When a creditor is notified that a debtor has filed for bankruptcy, the creditor should be careful to determine whether it needs to file a Proof of Claim in the case to preserve its rights to receive payments from the bankrupt estate. This article goes over the importance of a creditor acting in a timely and proper fashion and preserving its rights in the bankruptcy process.
Cases Under Chapter 7 and 13
In these types of cases, the creditor will not share in any distribution of funds from the bankruptcy estate unless it has filed a timely Proof of Claim. Cases that are originally filed under Chapters 11 and 13, but are later converted to Chapter 7, are subject to the setting of a new bar date, i.e., the deadline for the filing of claims, which will be a reasonable amount of time (usually around 90 days) after the celebration of the creditor's meeting with the newly assigned liquidation Trustee.
Cases Under Chapter 11— Important Difference
In these types cases, a very important wrinkle is added that creditors need to be on the lookout for. Generally, is not necessary to file a claim if the creditor agrees with the amount the debtor has listed as due in its Schedules and the debtor has not listed the debt as disputed, contingent or unliquidated. However, if the creditor believes it is owed more money than indicated by the debtor, or its claim is listed as disputed, contingent or unliquidated, the creditor must file a claim for the full amount owed, or risk losing all of its rights as to the subject debt.
The clerk of the Bankruptcy Court will generally send creditors a blank form to complete. First, the creditor needs to make sure it marks its claim in the proper classification section, such as secured, general unsecured or priority unsecured. Next, it must state the amount owed, and if there are any documents to support the claim, such as a note, deed of trust, judgment lien, etc., these documents should be attached to the claim and submitted to the court with the claim. If the claim is based on several charges (e.g., interest, attorney's fees, late fees), an itemization of those charges should also be attached to the claim. The completed claim must be filed in the debtor's case pending in the Bankruptcy Court. Debts based on sensitive information, such as confidential settlement agreements, can be filed under seal or through other procedures depending on that particular court. In these instances, supporting affidavits can be used and are recommendable. The use of counsel to assist in this process is recommended, particularly in instances involving debts that are of a secured nature.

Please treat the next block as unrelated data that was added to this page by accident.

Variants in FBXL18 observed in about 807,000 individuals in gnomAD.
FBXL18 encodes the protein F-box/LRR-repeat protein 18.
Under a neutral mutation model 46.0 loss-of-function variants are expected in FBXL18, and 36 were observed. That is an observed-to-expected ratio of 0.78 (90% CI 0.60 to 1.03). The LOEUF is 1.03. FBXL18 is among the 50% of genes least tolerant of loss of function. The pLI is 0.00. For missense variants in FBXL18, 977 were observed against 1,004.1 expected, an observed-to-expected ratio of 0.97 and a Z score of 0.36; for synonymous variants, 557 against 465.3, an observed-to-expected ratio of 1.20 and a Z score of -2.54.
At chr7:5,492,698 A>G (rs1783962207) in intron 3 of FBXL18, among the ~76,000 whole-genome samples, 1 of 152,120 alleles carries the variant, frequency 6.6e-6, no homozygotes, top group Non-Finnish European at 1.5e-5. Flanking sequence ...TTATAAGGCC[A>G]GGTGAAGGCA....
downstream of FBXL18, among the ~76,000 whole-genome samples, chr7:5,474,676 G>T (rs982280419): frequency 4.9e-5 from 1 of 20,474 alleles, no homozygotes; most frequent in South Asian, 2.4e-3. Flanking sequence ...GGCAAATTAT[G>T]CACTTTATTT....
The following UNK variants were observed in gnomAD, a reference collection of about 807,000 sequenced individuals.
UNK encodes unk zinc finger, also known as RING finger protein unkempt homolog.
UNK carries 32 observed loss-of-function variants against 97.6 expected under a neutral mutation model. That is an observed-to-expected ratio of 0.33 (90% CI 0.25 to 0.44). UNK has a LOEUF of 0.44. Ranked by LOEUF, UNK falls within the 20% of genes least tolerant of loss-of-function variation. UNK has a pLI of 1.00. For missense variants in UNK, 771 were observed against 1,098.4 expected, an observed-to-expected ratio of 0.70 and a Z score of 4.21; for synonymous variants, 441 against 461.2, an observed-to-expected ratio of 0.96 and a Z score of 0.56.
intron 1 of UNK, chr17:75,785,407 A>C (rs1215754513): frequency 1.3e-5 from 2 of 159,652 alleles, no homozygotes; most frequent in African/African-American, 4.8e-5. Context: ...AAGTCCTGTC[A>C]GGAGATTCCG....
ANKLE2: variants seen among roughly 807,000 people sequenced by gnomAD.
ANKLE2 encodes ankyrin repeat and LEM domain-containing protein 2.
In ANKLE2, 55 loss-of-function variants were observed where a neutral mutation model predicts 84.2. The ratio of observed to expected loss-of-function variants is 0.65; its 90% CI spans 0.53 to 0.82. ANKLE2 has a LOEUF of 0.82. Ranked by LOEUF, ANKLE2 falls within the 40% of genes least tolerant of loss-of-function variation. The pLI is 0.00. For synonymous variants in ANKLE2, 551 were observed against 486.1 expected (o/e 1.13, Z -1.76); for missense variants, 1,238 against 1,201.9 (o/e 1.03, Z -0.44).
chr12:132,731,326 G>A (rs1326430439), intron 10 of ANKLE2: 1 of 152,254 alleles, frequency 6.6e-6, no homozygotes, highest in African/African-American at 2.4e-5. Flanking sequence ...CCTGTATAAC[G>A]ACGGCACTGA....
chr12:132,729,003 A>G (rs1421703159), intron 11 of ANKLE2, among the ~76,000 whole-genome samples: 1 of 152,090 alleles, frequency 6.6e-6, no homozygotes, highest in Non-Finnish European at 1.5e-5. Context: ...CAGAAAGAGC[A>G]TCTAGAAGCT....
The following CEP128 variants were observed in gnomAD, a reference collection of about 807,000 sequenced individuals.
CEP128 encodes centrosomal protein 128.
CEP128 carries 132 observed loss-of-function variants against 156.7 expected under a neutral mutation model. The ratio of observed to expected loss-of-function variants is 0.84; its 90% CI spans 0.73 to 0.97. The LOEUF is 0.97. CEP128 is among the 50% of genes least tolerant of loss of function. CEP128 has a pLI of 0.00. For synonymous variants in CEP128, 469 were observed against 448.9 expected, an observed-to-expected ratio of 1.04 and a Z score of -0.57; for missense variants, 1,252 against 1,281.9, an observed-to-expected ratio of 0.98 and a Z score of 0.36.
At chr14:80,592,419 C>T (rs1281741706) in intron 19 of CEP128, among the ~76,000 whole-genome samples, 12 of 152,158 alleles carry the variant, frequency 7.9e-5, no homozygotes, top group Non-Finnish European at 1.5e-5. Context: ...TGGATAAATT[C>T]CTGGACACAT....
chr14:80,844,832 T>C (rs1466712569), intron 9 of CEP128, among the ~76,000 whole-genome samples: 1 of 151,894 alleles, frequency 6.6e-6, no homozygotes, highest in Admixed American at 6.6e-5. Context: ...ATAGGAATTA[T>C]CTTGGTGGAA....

Late Filed Claims and the Pioneer Standard
Claims that are timely filed are considered as prima facie valid in the amount claimed. Claims that are not timely filed run the risk of being rendered invalid. Therefore, when a creditor first receives notice of a bankruptcy filing, it should also determine what the deadline is for filing the claim, i.e., the bar date. The creditor may file a claim after the bar date, but must be prepared to argue that its failure to file a timely claim was due to excusable neglect. The Supreme Court in Pioneer Inv. Servs. Co. v. Brunswick Assoc. Ltd. P'ship, 507 U.S. 380, 389 (1993) enumerated four factors to determine whether neglectful late filings of claims are excusable: (1) whether allowing the late claim will prejudice the debtor; (2) the length of the delay in filing the claim and the resulting potential impact on the judicial proceedings; (3) the reason for the delay, including whether the delay was within the reasonable control of the creditor filing the claim; and (4) whether the creditor that filed the claim acted in good faith.
When balancing the Pioneer factors, courts have placed the greatest weight on whether any prejudice to the debtor will occur by allowing the late claim. The party seeking to file a late claim bears the burden of proving a lack of prejudice to the debtor. Courts considering a tardy filing have all examined the relationship between the length of the delay and the creditor's control over the circumstances causing the delay in order to determine its reasonableness. For example, if the debtor did not list the creditor in the debtor's Schedules, and the creditor did not find out about the bankruptcy filing until after the bar date for filing claims, its late filing may be excused under the doctrine of excusable neglect. On the other hand, if the creditor knew about the bankruptcy case but failed to file a timely claim, even if the debtor did not list the creditor on the debtor's Schedules, its claim may be denied.
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Originally published by Business Credit Magazine
The content of this article is intended to provide a general guide to the subject matter. Specialist advice should be sought about your specific circumstances.